Wednesday, June 19, 2024

Subsidy cuts to NPOs leave SA’s most vulnerable unprotected

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The Gauteng Department of Social Development’s severe budget cuts are forcing numerous Non-Profit Organizations (NPOs) to shut down, impacting services for abused women, children, the disabled, vulnerable elders, the unemployed, and the homeless.

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By Chris Steyn

“Severe” budget cuts by the Gauteng Department of Social Development is forcing many Non-Profit Organisations (NPOs) to close its doors to abused women, children in need of protection, the disabled, vulnerable elders, the unemployed, and the homeless.

The devastating impact of the government’s subsidy cuts is laid bare in a statement by The Gauteng Care Crisis Committee, a voluntary association of 67 NPOs formed during the “crisis caused by the GDSD’s attempt to impose severe budget cuts on NPO social care service  in 2023/24”. 

These Gauteng NPOs – “shattered and utterly disheartened by the Department of Social Development’s handling of their subsidies” – says communities need services now, not the department’s “public relations messages”.

The Gauteng Care Crisis Committee says the start of the new 2024/25 financial year for the GDSD on 1 April “was the end of the road” for many non-profit organisations (NPO) in the province.

“Having depleted their subsidies for 2023/24, and with no indication from GDSD as to whether they would receive subsidies in the new financial year, they have been forced into closing – both permanently and temporarily.”

This is the second consecutive year that the GDSD’s “tardy decision making” has caused a crisis in the NPO social care sector.  

“In June 2023 it was already apparent to NPOs that the delayed decision-making and budget cuts characterising the start of the 2023/24 financial year would likely repeat in 2024/25. Letters written since to the senior leadership in GDSD requesting clarity around the department’s threat to take over services, as well as reduce funding, have – at best – only been acknowledged as received. The remainder have gone unanswered.”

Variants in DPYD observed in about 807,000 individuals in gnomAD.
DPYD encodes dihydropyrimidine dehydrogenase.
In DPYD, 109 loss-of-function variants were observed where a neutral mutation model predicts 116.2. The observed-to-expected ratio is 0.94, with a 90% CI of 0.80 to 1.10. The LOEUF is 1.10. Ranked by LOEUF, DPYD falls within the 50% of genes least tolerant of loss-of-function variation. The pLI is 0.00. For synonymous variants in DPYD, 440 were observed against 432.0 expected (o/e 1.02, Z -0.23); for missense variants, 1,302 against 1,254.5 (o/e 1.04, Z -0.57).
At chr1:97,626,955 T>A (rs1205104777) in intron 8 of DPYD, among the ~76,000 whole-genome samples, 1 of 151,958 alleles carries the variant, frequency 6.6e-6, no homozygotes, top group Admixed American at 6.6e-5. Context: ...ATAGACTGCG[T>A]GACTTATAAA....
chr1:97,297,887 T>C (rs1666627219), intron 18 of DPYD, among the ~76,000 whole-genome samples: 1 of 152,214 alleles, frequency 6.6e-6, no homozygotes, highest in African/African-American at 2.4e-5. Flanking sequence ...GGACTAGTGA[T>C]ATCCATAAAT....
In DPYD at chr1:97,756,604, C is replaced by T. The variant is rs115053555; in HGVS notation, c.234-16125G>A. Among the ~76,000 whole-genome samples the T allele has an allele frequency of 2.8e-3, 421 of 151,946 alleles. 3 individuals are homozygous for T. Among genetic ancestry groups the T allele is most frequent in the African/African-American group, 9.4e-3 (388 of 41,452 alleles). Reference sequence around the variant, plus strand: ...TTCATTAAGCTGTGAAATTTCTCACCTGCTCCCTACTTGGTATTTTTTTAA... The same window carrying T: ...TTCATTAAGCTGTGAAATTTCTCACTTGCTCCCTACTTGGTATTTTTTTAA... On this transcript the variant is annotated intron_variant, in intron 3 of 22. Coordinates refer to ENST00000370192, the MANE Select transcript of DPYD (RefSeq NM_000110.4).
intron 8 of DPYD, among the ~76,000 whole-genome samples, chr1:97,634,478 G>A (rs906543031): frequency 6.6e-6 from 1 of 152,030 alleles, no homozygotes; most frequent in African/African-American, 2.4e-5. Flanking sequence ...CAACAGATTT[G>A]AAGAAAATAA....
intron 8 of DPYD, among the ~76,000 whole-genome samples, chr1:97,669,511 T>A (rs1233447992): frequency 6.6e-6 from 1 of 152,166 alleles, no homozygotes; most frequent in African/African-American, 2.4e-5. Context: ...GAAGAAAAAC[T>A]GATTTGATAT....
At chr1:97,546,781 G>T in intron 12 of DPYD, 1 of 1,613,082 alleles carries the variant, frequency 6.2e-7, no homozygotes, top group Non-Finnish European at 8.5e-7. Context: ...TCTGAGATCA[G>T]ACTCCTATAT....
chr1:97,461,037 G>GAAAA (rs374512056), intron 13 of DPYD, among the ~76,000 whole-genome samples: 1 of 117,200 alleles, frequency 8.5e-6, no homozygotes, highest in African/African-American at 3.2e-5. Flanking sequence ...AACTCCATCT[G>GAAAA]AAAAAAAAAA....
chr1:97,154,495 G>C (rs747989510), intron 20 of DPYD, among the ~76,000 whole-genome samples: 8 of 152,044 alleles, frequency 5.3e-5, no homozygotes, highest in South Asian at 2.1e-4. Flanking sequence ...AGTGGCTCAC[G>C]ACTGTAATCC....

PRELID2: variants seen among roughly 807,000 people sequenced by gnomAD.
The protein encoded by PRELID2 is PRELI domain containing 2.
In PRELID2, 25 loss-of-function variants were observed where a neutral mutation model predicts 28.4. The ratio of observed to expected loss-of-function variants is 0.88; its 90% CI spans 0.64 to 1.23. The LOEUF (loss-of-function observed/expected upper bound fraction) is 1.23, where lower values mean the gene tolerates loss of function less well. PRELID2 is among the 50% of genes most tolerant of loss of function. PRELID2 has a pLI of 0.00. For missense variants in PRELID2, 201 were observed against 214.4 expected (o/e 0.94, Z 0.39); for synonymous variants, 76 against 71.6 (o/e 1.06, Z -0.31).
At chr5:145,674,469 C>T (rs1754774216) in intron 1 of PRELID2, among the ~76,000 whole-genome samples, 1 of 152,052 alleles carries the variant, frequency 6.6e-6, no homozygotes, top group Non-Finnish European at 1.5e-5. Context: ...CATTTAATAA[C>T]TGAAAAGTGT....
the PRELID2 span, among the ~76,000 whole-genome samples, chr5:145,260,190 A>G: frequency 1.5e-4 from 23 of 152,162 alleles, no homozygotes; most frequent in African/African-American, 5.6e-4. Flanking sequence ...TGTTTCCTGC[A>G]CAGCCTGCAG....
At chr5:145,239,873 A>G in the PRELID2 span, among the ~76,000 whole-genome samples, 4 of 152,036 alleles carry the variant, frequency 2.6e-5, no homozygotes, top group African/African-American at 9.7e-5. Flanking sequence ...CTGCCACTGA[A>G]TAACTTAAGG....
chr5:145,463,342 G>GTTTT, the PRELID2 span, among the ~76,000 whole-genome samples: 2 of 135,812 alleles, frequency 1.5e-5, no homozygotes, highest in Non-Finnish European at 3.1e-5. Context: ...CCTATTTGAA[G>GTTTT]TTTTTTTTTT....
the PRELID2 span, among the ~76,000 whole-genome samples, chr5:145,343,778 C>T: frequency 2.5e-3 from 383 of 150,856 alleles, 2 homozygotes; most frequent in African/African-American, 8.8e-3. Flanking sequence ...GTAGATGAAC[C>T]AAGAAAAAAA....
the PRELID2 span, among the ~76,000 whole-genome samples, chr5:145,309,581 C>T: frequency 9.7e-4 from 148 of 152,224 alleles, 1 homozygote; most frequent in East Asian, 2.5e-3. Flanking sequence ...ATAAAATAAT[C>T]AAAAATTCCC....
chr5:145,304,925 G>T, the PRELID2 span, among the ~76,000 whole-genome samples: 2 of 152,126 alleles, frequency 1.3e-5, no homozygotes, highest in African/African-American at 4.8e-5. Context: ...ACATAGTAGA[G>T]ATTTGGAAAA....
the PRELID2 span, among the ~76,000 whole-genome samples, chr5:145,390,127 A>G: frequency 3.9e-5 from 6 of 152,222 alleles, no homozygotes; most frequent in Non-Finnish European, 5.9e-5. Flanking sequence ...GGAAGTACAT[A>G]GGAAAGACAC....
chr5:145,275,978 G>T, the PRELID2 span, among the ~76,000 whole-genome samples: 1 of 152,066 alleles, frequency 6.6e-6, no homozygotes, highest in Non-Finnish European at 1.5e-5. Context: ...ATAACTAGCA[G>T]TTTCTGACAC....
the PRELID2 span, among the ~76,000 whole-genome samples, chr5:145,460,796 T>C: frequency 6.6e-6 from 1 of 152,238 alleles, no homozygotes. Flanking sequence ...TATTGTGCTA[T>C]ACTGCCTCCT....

Instead, in March this 2024, the GDSD started responding to its questions via a series of press releases.  “In their first release of 7 March the GDSD instructed NPOs to be patient and to wait for the department to complete a forensic audit of the sector. While the audit was announced by the Premier in May 2023, the GDSD only initiated the process in October, ensuring that a process intended to uproot the mismanagement of funds by some GDSD officials and NPOs has resulted in the destruction of services.  This is because the GDSD ignored the impact on organisations of having to function for a month without their subsidies. NPOs’ subsidies are paid on a quarterly basis in advance. With the final instalment of their 2023/24 subsidies having been paid in January, organisations’ funds were exhausted by March.

“Then, on 15 March, the GDSD attempted to obtain an urgent interdict preventing NPOs from participating in a sit-in that never was, as well as from ever meeting to discuss protest. When that was dismissed outright by the court, the GDSD resorted, on 20 March, to claiming that NPOs were conspiring with the Democratic Alliance to cause panic in the province around the imminent cuts to their budgets.  

“NGOs do not have time to engage in Gauteng’s election politics. Their priority is, and has been, the wellbeing of their beneficiaries, the survival of their services, and the futures of their staff.” 

Please read the impact statements of 18 Gauteng NPOs  – in their own words – here:

Meanwhile, in the Western Cape, another impact statement – headlined: “National Treasury Budget Cuts Seriously Threaten Essential Disability Services” – was issued.

Compiled by The Western Cape Network on Disability (WCND), Western Cape Forum for Intellectual Disability (WCFID), Shonaquip Social Enterprise, and 70 organisations for persons with disabilities, it states that “22 organisations (31.4%) indicated that they would be likely to close if funding from DSD was withdrawn, and a total of 52.9% of respondents rated themselves above 7 on a scale of 1 to 10 regarding the likelihood that they would close their doors if funding is withdrawn”. 

It warns: “…these cuts will leave hundreds of persons with disabilities and their families stranded in terms of essential care and services. This will result in physical and psycho-social harm for persons with disabilities, increased unemployment and educational inequity for this population, as well as other risks related to food security and safety from potential violence in the family or community. These cuts will also lead to large-scale job losses among NPO staff, some of whom are themselves persons with disabilities”.

Please read Western Cape Impact Statement here:

One of the affected organisations is Camphill Farm Community in Hermanus. 

Parents and guardians were informed of this in a recent Newsletter from Executive Manager Kurt Mätschke.

“You might have seen from last year’s news reports that the subsidies in Gauteng and KZN have been cut by 80% and in many cases, facilities have had to close their doors. 

“I was not expecting this to happen in the Western Cape, but we have been receiving messages from the DSD (Department of Social Development) indicating that the same situation is about to unfold here.”

Read The Camphill newsletter here: 

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